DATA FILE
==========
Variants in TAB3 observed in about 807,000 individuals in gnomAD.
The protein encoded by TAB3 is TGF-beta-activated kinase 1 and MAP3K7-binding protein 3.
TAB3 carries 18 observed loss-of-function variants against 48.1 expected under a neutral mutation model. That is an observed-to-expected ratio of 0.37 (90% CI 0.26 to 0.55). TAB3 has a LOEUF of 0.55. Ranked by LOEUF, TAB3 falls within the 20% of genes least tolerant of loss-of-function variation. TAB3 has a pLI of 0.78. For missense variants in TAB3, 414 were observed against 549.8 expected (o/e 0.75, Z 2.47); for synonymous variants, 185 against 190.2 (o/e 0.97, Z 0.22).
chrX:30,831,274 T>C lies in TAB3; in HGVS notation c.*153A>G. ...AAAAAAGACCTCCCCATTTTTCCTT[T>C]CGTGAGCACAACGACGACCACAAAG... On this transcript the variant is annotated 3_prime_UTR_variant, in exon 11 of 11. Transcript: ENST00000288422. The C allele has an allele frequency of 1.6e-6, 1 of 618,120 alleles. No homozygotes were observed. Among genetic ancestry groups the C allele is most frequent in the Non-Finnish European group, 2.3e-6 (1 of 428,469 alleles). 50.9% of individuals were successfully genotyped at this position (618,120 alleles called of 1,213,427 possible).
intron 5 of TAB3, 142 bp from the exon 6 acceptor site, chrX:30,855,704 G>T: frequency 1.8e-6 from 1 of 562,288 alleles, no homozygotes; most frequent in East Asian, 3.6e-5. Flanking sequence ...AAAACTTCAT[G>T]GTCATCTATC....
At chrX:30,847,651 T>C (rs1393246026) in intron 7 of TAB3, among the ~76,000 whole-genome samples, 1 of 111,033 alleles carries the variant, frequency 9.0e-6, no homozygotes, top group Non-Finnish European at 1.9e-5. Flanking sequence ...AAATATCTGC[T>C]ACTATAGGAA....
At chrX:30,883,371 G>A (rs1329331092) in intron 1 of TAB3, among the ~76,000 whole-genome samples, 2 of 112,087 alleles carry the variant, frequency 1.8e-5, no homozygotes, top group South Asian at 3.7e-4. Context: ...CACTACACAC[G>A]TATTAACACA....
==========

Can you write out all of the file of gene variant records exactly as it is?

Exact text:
Variants in TAB3 observed in about 807,000 individuals in gnomAD.
The protein encoded by TAB3 is TGF-beta-activated kinase 1 and MAP3K7-binding protein 3.
TAB3 carries 18 observed loss-of-function variants against 48.1 expected under a neutral mutation model. That is an observed-to-expected ratio of 0.37 (90% CI 0.26 to 0.55). TAB3 has a LOEUF of 0.55. Ranked by LOEUF, TAB3 falls within the 20% of genes least tolerant of loss-of-function variation. TAB3 has a pLI of 0.78. For missense variants in TAB3, 414 were observed against 549.8 expected (o/e 0.75, Z 2.47); for synonymous variants, 185 against 190.2 (o/e 0.97, Z 0.22).
chrX:30,831,274 T>C lies in TAB3; in HGVS notation c.*153A>G. ...AAAAAAGACCTCCCCATTTTTCCTT[T>C]CGTGAGCACAACGACGACCACAAAG... On this transcript the variant is annotated 3_prime_UTR_variant, in exon 11 of 11. Transcript: ENST00000288422. The C allele has an allele frequency of 1.6e-6, 1 of 618,120 alleles. No homozygotes were observed. Among genetic ancestry groups the C allele is most frequent in the Non-Finnish European group, 2.3e-6 (1 of 428,469 alleles). 50.9% of individuals were successfully genotyped at this position (618,120 alleles called of 1,213,427 possible).
intron 5 of TAB3, 142 bp from the exon 6 acceptor site, chrX:30,855,704 G>T: frequency 1.8e-6 from 1 of 562,288 alleles, no homozygotes; most frequent in East Asian, 3.6e-5. Flanking sequence ...AAAACTTCAT[G>T]GTCATCTATC....
At chrX:30,847,651 T>C (rs1393246026) in intron 7 of TAB3, among the ~76,000 whole-genome samples, 1 of 111,033 alleles carries the variant, frequency 9.0e-6, no homozygotes, top group Non-Finnish European at 1.9e-5. Flanking sequence ...AAATATCTGC[T>C]ACTATAGGAA....
At chrX:30,883,371 G>A (rs1329331092) in intron 1 of TAB3, among the ~76,000 whole-genome samples, 2 of 112,087 alleles carry the variant, frequency 1.8e-5, no homozygotes, top group South Asian at 3.7e-4. Context: ...CACTACACAC[G>A]TATTAACACA....